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Be aware of short-lived tree species

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After the tree reaches a reasonable size, the heavier limbs begin to break during Florida’s frequent storms. The average thunderstorm can produce winds strong enough to easily break limbs.

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Most fast-growing trees are short-lived. It’s almost a built-in factor. The wood is usually soft and easily broken. This is not good news in Florida.

After the tree reaches a reasonable size, the heavier limbs begin to break during Florida’s frequent storms. The average thunderstorm can produce winds strong enough to easily break limbs. And, Florida’s array of pests find easy access into the soft wood of these fast-growing trees, causing rot, decay and early decline/death.

Silver Maple (Acer saccharinum) is a commonly planted tree in our area. This tree has a fast growth rate and good drought tolerance. It sounds like a great tree if you need fast shade. But I’ve heard it said that this tree grows three feet a year and loses two feet to breakage. Its bad characteristics include brittle wood, poor branch angles, multiple central leaders, messy fruit and a shallow/surface root system. You’d be fortunate if the tree makes it to ten years old, still in good shape in Florida.

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I get a fair amount of questions about growing Weeping Willow (Salix spp.) trees in Northwest Florida. When people ask me about planting willow trees, I ask them how many old, large willow trees have you seen in Okaloosa County? There is a reason why you see few large, old willow trees. They generally don’t survive to a ripe old age here.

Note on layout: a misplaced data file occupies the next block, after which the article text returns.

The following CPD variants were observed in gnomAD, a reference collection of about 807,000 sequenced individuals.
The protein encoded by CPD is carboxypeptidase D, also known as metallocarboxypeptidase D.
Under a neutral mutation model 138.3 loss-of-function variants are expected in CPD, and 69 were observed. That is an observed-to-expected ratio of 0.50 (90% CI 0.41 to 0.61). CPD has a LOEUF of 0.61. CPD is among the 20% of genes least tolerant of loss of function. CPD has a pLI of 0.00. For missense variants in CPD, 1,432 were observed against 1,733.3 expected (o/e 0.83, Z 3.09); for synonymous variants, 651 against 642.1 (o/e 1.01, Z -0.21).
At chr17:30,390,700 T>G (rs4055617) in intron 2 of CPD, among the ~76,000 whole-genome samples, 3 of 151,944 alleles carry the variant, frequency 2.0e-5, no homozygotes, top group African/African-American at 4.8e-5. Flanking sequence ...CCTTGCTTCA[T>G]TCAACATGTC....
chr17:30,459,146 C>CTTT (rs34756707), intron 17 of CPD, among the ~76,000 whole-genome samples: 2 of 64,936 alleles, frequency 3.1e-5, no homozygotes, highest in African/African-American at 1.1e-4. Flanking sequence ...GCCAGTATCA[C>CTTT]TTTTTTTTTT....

Purple-leaf plum (Prunus cerasifera) is planted for its red, maroon foliage but it too is short-lived. You’ll frequently see this tree on its “last leg” at a fairly young age displaying its dying branches throughout North Florida landscapes.

Bradford pear (Pyrus calleryana) can begin to “fall apart” at a relatively young age. This tree is fast growing, drought tolerant, blooms well and has good fall color. But its downfall is its tight, upright, weak branch structure, which results in branches splitting and breaking away from the trunk with age on their own accord because of their weight.

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It’s worth doing your homework before planting a tree. I think people should be aware that a tree is likely to be a short-lived species. And, I know someone can show me that “granddaddy” silver maple that’s 50 years old in someone’s yard in our area. But such a tree is the exception. Some people live to 120 but they certainly don’t represent the average life expectancy. Comparing the extreme to the average can be misleading, disappointing and unfair.

For reliable information on trees to plant in Florida, contact the UF/IFAS Extension Office in your County or visit one of the below websites:

http://edis.ifas.ufl.edu/topic_trees

http://lyra.ifas.ufl.edu/FloridaTrees

Larry Williams is the Extension horticulture agent with the Okaloosa County Cooperative Extension Service, University of Florida. Contact Larry at 689-5850 or email lwilliams@myokaloosa.com.

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